Outgoing North Carolina State athletics director Lee Fowler had contact with Parker Search, according to the Charlotte Observer, but the university and Parker kept the process out of public light. 


"I wanted it no other way," Keenum said. "I went into this very open-minded and I want to asses the field of candidates across the country. We looked at universities very comparable to Mississippi State''s size and structure and scope. Had some senior associates who were ready to go to the AD level and several sitting ADs, but at the end of the day [Stricklin] was the absolute best candidate and had the best interview. He had the best plan and vision for this university." 


Keenum shrugged off any concerns or criticisms over using an outside firm to ultimately help make an in-house hire, saying he "owed it to the university" to find the best person for the job.  


As nerve-wracking as the process was for Stricklin, he''s pleased to have gone through the national search process.  


"I respect the way they went about the process; this is too important of a job just to hand somebody," Stricklin said. "If I wasn''t the right person for the job I would want Mississippi State to hire whoever that would be. I do appreciate they went through this process and I feel blessed and fortunate that I was selected at the end of it."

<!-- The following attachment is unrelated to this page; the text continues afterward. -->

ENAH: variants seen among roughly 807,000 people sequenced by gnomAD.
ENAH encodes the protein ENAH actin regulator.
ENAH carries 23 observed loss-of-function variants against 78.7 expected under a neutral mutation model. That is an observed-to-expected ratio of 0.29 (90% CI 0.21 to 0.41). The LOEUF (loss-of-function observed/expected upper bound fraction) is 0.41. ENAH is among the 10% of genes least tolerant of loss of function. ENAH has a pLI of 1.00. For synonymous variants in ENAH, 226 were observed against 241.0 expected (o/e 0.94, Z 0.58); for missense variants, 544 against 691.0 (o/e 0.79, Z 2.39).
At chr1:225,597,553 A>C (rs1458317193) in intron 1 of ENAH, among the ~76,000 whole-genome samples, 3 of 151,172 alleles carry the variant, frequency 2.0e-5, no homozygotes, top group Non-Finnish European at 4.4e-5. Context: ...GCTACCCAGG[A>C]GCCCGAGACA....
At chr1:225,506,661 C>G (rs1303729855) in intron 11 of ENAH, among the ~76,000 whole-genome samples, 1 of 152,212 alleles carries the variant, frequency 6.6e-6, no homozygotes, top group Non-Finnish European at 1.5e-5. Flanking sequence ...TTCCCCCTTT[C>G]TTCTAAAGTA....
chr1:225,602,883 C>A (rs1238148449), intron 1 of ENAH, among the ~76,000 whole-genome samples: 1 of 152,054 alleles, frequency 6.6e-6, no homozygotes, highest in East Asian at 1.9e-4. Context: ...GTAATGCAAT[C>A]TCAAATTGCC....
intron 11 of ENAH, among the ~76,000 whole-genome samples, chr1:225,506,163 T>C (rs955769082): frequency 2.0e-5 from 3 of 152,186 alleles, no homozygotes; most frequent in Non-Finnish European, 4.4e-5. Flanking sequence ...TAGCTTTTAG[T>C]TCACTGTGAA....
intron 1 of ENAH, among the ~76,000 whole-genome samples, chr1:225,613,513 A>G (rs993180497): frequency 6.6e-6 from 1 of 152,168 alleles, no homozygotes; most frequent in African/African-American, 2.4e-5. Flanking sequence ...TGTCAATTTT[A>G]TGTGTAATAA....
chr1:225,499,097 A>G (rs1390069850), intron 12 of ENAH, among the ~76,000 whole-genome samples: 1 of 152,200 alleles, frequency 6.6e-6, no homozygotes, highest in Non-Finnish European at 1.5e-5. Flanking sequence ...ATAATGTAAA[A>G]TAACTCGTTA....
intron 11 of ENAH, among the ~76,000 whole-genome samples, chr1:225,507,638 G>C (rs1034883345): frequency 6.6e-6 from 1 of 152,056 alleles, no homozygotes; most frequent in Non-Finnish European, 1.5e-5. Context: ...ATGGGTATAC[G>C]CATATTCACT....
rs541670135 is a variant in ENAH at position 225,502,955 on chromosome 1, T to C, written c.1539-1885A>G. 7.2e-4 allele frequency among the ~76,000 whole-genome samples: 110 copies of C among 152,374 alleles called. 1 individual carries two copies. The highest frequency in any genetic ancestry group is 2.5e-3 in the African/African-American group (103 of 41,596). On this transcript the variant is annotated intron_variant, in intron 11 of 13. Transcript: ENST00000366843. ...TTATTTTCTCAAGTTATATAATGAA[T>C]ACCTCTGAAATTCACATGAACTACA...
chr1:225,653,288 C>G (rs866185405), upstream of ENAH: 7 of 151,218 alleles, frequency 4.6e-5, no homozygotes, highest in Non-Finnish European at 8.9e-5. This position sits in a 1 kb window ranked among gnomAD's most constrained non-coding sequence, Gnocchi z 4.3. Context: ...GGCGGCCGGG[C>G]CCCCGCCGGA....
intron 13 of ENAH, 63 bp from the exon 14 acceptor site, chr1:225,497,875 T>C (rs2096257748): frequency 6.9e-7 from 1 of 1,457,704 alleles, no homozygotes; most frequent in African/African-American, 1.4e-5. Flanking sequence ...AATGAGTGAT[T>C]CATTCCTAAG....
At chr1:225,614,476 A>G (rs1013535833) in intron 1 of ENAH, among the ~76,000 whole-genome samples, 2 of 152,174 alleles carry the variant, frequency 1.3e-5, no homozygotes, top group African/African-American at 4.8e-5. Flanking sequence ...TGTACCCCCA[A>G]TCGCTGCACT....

Stricklin''s path through athletics administration started when he was a student worker during his freshman year at MSU. He spent one year following graduation working in the department before serving as sports information director for baseball at Auburn. He then moved to Tulane in 1998 before taking a job at Baylor, where he was a key figure in the public relations storm following Carlton Dotson''s murder of basketball teammate Patrick Dennehy.  


Tradition-rich Kentucky was Stricklin''s next stop in 2003, and it was there he sharpened his sword through working with Byrne and AD Mitch Barnhart. In Lexington, Stricklin oversaw the day-to-day publicity of the Wildcat basketball program.  


"Everything I picked up and learned, I always looked at it through the prism of ''how can I one day go back to Mississippi State and use this information,''" Stricklin said. "It''s a little bit special, knowing I get to pour that energy into a place I call home." 


Friday, Stricklin spoke about about the university''s master plan and the planned facilities upgrades for Davis Wade Stadium, Humphrey Coliseum and Dudy Noble Field. He said he''s had meetings this week with the people involved, and when the report comes back in November he''ll have a better idea of how to move forward with revenue-generating additions to the "big three" venues on campus.  


"I think we''ve got to start dreaming," Stricklin said. "I think we have a chance to do something really special. One of the things Greg really struggled with in his decision was he felt this place was on the verge of doing something great. I think he kind of regrets he''s not going to be here to see it happen. I''m excited I get to be here and see it when it happens. It''s going to be fun to see the faces on all the Bulldog fans."